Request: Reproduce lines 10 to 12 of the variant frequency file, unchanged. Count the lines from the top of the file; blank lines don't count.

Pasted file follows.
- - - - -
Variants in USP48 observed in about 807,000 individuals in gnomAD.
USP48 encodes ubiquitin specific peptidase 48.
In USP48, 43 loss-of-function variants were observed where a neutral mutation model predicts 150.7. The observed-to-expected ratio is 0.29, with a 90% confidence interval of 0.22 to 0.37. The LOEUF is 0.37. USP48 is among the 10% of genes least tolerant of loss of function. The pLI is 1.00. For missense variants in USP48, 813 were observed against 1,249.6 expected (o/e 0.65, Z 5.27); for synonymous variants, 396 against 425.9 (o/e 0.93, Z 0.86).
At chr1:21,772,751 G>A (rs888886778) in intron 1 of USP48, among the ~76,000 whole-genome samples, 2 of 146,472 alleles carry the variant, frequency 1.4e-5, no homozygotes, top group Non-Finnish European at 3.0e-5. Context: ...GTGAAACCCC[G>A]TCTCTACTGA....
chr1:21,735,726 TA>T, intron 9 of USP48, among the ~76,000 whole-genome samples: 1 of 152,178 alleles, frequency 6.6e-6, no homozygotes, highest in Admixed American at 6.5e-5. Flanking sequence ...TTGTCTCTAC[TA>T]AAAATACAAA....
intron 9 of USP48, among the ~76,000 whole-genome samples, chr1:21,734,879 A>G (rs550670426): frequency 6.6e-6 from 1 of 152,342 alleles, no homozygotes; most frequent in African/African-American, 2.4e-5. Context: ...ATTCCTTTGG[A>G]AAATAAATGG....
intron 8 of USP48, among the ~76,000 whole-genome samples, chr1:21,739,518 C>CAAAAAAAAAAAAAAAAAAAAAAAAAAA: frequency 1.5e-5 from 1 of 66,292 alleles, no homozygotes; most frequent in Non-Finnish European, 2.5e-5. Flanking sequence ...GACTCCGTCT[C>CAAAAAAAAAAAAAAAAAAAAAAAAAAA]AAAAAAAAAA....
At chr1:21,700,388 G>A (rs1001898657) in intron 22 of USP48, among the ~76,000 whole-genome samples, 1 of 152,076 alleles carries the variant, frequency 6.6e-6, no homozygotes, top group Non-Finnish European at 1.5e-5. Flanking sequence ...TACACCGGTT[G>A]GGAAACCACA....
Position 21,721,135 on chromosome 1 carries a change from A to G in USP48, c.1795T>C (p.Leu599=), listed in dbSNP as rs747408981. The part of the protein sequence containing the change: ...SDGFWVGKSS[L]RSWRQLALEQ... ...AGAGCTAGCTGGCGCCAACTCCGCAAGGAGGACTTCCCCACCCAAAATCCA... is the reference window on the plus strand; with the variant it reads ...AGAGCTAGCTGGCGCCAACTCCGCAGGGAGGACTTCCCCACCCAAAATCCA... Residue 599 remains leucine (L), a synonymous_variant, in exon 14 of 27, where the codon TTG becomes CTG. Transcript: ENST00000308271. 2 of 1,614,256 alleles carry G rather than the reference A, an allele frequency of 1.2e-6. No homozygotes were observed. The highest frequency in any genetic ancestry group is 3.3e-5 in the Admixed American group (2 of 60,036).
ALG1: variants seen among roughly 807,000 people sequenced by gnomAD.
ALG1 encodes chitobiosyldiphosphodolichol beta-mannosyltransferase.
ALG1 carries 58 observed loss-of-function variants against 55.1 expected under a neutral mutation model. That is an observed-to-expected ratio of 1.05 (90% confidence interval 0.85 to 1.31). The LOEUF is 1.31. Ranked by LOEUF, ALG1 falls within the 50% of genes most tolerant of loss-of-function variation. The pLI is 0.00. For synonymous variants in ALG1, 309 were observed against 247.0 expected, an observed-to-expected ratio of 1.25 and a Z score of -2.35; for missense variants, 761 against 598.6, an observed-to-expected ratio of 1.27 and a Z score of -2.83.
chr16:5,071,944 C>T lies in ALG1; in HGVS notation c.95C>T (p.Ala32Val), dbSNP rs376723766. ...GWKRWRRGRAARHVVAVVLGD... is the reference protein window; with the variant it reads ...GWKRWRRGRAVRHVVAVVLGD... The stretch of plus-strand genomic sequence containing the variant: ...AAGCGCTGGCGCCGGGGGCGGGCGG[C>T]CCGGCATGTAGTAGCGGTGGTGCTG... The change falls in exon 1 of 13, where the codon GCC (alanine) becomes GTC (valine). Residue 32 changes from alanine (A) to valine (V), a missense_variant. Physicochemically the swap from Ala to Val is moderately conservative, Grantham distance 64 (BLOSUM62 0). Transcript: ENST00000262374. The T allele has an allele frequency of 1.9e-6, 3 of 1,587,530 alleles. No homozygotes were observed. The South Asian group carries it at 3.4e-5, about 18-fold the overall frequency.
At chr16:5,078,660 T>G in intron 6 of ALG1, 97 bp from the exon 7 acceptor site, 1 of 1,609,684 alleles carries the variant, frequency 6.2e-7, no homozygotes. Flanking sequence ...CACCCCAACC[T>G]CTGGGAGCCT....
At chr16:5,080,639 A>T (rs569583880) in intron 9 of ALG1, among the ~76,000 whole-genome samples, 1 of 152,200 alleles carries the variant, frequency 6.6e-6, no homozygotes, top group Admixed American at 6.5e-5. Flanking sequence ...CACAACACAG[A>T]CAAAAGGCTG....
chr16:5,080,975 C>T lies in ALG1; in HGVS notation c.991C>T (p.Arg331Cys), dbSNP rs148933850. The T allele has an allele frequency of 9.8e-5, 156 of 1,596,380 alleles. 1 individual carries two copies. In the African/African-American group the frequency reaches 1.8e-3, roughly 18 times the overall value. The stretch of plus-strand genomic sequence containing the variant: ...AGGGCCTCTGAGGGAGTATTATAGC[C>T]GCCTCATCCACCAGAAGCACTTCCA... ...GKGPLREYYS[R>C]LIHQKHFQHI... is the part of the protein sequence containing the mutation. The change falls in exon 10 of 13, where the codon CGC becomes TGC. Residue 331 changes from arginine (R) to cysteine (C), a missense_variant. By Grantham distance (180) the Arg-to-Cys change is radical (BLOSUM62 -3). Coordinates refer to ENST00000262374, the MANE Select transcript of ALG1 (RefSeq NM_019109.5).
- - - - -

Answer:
ALG1: variants seen among roughly 807,000 people sequenced by gnomAD.
ALG1 encodes chitobiosyldiphosphodolichol beta-mannosyltransferase.
ALG1 carries 58 observed loss-of-function variants against 55.1 expected under a neutral mutation model. That is an observed-to-expected ratio of 1.05 (90% confidence interval 0.85 to 1.31). The LOEUF is 1.31. Ranked by LOEUF, ALG1 falls within the 50% of genes most tolerant of loss-of-function variation. The pLI is 0.00. For synonymous variants in ALG1, 309 were observed against 247.0 expected, an observed-to-expected ratio of 1.25 and a Z score of -2.35; for missense variants, 761 against 598.6, an observed-to-expected ratio of 1.27 and a Z score of -2.83.